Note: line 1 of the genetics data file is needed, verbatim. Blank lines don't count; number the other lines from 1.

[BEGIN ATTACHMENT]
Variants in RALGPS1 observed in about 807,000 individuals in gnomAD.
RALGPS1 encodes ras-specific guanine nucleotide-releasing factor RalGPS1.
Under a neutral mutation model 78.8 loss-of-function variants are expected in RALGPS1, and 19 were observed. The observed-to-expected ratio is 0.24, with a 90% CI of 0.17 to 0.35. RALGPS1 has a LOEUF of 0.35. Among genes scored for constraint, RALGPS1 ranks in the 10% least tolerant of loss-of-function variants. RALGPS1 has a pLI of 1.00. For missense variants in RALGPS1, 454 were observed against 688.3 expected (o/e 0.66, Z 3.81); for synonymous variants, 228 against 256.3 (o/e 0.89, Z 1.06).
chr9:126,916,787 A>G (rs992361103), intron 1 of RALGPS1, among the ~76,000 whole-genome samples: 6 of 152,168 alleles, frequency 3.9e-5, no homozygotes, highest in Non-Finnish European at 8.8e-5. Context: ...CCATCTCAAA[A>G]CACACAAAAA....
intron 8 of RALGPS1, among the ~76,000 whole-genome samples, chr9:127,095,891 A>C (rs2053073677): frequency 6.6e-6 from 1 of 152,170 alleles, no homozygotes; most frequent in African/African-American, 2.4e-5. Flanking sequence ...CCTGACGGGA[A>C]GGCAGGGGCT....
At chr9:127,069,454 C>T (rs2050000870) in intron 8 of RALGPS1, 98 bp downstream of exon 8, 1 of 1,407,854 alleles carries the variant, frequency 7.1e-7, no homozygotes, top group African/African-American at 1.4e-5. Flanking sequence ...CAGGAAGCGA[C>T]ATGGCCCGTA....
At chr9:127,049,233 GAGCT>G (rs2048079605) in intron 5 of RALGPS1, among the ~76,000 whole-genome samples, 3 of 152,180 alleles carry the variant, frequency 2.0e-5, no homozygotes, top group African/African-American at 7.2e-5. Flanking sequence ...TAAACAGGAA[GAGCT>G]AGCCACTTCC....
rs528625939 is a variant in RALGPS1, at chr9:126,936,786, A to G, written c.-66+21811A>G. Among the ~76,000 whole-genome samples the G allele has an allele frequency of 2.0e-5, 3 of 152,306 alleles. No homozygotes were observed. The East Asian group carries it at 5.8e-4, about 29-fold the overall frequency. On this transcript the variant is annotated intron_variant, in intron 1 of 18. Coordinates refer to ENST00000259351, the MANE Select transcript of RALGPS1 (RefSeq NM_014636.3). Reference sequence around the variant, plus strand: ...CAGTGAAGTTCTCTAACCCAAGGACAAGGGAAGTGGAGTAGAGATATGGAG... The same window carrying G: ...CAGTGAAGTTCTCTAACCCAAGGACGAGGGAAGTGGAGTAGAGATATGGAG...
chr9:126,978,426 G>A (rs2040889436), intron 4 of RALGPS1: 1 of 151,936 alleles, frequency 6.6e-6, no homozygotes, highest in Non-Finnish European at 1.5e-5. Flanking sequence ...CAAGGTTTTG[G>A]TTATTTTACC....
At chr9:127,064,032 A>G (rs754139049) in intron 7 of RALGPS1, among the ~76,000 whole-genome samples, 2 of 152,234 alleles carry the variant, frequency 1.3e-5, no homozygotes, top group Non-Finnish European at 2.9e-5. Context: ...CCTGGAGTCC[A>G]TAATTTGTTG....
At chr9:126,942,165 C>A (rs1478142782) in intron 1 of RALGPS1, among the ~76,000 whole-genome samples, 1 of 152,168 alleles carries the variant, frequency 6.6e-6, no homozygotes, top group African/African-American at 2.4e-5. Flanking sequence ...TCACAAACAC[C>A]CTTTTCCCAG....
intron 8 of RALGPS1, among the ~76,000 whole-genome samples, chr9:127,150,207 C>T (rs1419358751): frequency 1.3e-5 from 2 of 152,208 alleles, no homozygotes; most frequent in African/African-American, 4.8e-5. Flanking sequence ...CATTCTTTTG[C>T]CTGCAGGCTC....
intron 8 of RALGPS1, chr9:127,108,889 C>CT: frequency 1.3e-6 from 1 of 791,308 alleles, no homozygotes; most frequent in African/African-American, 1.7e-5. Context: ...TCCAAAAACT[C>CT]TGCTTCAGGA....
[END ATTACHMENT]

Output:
Variants in RALGPS1 observed in about 807,000 individuals in gnomAD.